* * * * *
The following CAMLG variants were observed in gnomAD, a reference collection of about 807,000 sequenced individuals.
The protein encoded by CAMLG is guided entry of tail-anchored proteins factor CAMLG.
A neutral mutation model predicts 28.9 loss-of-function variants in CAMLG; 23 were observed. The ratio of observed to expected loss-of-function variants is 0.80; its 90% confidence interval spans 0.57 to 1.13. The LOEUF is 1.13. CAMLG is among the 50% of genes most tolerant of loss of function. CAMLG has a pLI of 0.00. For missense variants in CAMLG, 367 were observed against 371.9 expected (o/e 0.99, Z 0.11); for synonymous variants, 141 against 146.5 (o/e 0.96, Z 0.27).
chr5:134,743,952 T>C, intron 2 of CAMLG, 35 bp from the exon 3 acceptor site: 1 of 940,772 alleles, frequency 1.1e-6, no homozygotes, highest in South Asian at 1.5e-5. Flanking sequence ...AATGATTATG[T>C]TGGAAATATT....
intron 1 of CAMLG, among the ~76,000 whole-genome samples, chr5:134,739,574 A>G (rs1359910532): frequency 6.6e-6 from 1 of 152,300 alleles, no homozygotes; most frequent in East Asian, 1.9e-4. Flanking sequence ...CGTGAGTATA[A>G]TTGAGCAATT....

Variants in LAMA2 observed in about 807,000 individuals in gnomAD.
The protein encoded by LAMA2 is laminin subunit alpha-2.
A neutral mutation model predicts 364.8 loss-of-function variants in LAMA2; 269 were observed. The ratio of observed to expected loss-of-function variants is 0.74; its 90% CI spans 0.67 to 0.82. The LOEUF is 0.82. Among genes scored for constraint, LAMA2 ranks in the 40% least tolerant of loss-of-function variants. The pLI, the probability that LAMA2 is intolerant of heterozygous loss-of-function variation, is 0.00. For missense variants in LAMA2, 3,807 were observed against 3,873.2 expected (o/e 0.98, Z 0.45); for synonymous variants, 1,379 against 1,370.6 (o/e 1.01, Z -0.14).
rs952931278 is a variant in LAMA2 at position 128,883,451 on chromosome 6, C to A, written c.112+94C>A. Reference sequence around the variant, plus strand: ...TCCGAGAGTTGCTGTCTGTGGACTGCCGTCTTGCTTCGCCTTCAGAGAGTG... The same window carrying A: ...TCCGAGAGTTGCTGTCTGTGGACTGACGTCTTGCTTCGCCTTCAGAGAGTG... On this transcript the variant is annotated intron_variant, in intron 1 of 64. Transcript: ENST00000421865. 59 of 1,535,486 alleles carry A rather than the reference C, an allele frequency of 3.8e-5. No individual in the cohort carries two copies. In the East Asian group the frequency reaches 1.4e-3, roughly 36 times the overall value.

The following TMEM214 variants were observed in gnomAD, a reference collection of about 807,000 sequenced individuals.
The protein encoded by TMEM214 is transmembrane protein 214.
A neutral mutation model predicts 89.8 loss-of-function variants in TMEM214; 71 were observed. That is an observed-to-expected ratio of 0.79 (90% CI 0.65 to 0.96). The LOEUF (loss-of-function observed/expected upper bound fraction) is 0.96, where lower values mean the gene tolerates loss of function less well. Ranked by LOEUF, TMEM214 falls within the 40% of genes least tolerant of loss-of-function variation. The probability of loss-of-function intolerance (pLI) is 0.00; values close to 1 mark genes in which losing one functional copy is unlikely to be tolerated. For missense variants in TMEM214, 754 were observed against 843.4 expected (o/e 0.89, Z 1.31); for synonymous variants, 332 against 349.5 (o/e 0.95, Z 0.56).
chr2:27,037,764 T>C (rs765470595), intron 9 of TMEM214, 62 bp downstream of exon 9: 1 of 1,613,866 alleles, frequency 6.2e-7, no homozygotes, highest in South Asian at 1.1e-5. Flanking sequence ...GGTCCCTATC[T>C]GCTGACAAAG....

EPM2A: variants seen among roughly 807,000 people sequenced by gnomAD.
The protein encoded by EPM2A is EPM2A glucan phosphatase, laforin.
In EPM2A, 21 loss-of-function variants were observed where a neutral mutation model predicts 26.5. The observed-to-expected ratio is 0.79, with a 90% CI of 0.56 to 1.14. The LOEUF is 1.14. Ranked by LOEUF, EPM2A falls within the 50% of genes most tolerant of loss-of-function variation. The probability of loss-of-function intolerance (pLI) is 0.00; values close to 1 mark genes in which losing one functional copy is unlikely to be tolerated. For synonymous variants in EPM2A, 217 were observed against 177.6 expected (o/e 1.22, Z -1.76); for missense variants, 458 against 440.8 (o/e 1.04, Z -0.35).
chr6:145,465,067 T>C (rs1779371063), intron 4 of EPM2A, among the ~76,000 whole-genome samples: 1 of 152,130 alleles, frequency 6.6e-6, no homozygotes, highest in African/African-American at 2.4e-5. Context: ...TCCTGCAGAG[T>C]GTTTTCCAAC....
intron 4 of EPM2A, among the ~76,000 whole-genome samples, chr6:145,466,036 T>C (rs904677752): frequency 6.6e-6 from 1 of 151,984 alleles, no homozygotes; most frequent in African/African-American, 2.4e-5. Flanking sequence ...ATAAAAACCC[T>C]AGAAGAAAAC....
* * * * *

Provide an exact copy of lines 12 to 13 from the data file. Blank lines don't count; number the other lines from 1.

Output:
A neutral mutation model predicts 89.8 loss-of-function variants in TMEM214; 71 were observed. That is an observed-to-expected ratio of 0.79 (90% CI 0.65 to 0.96). The LOEUF (loss-of-function observed/expected upper bound fraction) is 0.96, where lower values mean the gene tolerates loss of function less well. Ranked by LOEUF, TMEM214 falls within the 40% of genes least tolerant of loss-of-function variation. The probability of loss-of-function intolerance (pLI) is 0.00; values close to 1 mark genes in which losing one functional copy is unlikely to be tolerated. For missense variants in TMEM214, 754 were observed against 843.4 expected (o/e 0.89, Z 1.31); for synonymous variants, 332 against 349.5 (o/e 0.95, Z 0.56).
chr2:27,037,764 T>C (rs765470595), intron 9 of TMEM214, 62 bp downstream of exon 9: 1 of 1,613,866 alleles, frequency 6.2e-7, no homozygotes, highest in South Asian at 1.1e-5. Flanking sequence ...GGTCCCTATC[T>C]GCTGACAAAG....